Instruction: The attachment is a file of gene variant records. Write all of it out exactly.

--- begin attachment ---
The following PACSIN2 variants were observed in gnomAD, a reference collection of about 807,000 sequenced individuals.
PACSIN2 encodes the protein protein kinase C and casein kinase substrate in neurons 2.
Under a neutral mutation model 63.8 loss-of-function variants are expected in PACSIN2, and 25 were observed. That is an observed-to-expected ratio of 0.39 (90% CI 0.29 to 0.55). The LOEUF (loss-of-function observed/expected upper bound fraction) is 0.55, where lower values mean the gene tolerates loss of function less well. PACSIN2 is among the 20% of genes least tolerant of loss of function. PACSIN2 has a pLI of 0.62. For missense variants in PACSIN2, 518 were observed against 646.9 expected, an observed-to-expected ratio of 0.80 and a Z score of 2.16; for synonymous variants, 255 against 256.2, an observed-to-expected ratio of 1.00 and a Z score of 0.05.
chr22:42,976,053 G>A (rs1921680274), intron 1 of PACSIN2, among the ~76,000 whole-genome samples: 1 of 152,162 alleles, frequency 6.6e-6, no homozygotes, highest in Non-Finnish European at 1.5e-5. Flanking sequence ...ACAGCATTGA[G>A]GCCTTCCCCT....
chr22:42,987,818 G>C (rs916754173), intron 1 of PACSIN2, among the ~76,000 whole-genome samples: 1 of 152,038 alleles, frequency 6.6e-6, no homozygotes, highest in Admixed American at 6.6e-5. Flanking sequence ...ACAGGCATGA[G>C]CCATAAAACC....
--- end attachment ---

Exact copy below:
The following PACSIN2 variants were observed in gnomAD, a reference collection of about 807,000 sequenced individuals.
PACSIN2 encodes the protein protein kinase C and casein kinase substrate in neurons 2.
Under a neutral mutation model 63.8 loss-of-function variants are expected in PACSIN2, and 25 were observed. That is an observed-to-expected ratio of 0.39 (90% CI 0.29 to 0.55). The LOEUF (loss-of-function observed/expected upper bound fraction) is 0.55, where lower values mean the gene tolerates loss of function less well. PACSIN2 is among the 20% of genes least tolerant of loss of function. PACSIN2 has a pLI of 0.62. For missense variants in PACSIN2, 518 were observed against 646.9 expected, an observed-to-expected ratio of 0.80 and a Z score of 2.16; for synonymous variants, 255 against 256.2, an observed-to-expected ratio of 1.00 and a Z score of 0.05.
chr22:42,976,053 G>A (rs1921680274), intron 1 of PACSIN2, among the ~76,000 whole-genome samples: 1 of 152,162 alleles, frequency 6.6e-6, no homozygotes, highest in Non-Finnish European at 1.5e-5. Flanking sequence ...ACAGCATTGA[G>A]GCCTTCCCCT....
chr22:42,987,818 G>C (rs916754173), intron 1 of PACSIN2, among the ~76,000 whole-genome samples: 1 of 152,038 alleles, frequency 6.6e-6, no homozygotes, highest in Admixed American at 6.6e-5. Flanking sequence ...ACAGGCATGA[G>C]CCATAAAACC....